I cleaned an apartment and a huge mansion in Belle Meade—the “Beverly Hills” of Music City. Toilets, showers, marble floors, ovens, and laundry rooms blurred together as I motored along on autopilot. At four o’clock I raced downtown to meet my plumber, who’d just finished outfitting the new store. Together we checked all the sinks, drains, water lines, and
restrooms. I owed him $350, but as I wrote him a check I told him, “Don’t cash that ’til Monday. I just made a deposit—you gotta wait for it to post.” He looked at me a little funny. He knew I was teetering on the edge financially. My homegrown plan to step up from the housecleaning business into the retail cupcake business had raised quite a few eyebrows. Gigi’s Cupcakes would literally make or break me.
After the plumber left, I looked around the store. At first glance, it didn’t look like we’d be ready to open the next morning—it really didn’t. I tried not to freak out, and I reminded myself that the biggest pieces of the puzzle were already in place. The paint was dry, light fixtures were shining on refrigerated cases and appliances, custom countertops were ready for action, there was a brand-new floor, and baking tools and ingredients were poised in my glistening new kitchen. I watched my gung ho father, Terry, putting tables and chairs together while my mother, Ann, dutifully orbited the cheery space dust-busting little spots here and there. All was clean white, soft pink, bright olive, gleaming glass, and chrome. I was thrilled and overwhelmed that my dream was about to become a reality—but I honestly couldn’t believe I had gotten this far.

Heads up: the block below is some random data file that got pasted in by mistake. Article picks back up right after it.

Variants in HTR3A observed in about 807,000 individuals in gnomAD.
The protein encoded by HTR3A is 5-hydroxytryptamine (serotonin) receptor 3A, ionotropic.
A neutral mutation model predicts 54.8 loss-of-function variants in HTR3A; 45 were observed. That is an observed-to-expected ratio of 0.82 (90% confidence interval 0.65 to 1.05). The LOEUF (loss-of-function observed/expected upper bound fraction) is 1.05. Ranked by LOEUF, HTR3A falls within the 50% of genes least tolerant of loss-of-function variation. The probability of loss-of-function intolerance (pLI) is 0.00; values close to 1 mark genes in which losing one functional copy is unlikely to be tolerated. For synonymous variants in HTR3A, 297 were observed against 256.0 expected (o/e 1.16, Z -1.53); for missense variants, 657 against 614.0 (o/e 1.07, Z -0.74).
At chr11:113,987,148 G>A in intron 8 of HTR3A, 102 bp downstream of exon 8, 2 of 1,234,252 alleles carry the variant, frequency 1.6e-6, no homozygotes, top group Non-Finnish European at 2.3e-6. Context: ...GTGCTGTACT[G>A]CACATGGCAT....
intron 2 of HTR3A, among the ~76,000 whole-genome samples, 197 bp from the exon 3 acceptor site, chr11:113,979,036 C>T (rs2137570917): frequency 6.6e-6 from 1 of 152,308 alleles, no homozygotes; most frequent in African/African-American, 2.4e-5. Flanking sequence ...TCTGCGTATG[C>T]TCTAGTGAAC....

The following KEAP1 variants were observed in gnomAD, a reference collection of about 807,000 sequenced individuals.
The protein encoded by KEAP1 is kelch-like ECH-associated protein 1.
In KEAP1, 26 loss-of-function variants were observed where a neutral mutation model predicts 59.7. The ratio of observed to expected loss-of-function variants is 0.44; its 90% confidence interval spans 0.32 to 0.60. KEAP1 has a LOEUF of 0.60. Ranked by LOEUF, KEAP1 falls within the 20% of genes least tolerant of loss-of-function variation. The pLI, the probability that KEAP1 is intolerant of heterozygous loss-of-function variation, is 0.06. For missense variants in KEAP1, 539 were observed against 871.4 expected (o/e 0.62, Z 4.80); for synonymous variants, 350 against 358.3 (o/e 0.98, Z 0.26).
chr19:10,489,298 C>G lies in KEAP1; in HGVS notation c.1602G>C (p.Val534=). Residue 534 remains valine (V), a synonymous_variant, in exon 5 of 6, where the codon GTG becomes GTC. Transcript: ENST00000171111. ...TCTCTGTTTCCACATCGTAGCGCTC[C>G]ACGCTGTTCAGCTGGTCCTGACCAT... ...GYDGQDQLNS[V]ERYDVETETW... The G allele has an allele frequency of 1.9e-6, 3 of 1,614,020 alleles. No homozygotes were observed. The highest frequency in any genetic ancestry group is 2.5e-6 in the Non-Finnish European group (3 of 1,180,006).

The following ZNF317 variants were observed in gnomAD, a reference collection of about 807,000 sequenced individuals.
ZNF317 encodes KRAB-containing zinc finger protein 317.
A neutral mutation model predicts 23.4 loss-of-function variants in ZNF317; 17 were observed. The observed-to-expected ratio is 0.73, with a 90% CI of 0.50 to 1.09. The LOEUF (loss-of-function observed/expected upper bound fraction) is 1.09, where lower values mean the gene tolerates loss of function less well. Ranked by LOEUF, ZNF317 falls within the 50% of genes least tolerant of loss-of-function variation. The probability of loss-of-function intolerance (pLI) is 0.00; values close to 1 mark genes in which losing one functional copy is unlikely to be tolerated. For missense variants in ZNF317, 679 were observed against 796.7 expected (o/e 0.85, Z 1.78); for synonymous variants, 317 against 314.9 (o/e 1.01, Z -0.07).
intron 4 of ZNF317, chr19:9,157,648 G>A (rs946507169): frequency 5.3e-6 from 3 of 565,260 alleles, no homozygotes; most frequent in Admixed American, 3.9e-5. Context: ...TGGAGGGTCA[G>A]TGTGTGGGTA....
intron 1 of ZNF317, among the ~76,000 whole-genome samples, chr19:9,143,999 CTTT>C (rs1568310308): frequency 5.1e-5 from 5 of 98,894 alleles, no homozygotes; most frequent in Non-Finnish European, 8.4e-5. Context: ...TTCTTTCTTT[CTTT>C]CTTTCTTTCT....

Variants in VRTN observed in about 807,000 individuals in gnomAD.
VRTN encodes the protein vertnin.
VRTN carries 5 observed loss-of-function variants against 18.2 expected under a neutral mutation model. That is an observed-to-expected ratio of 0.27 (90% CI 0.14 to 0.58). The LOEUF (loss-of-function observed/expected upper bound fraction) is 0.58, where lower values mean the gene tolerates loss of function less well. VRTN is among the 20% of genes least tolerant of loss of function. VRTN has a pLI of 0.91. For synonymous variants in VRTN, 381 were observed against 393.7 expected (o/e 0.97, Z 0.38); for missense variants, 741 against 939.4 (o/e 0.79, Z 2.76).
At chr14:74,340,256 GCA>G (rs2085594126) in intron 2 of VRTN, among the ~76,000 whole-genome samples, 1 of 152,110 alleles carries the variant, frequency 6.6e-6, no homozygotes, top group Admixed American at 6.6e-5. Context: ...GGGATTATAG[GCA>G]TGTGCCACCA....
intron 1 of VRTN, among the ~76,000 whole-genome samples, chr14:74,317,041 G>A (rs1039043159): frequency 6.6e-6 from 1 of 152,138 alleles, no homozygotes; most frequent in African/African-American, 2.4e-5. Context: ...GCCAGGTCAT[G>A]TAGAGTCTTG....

My old friend Ted, a “get ’er done” general contractor who had worked hand in glove with me to bring Gigi’s to life, dropped by to wish me luck. He could see I was nervous, but he murmured some reassuring words and patted me on the back. He handed me an envelope and quietly said, “Remember, I’ll tear this up if you marry me.”
The matrimonial reference rang an alarm bell. I opened the envelope and saw Ted’s final contractor’s bill, which in all the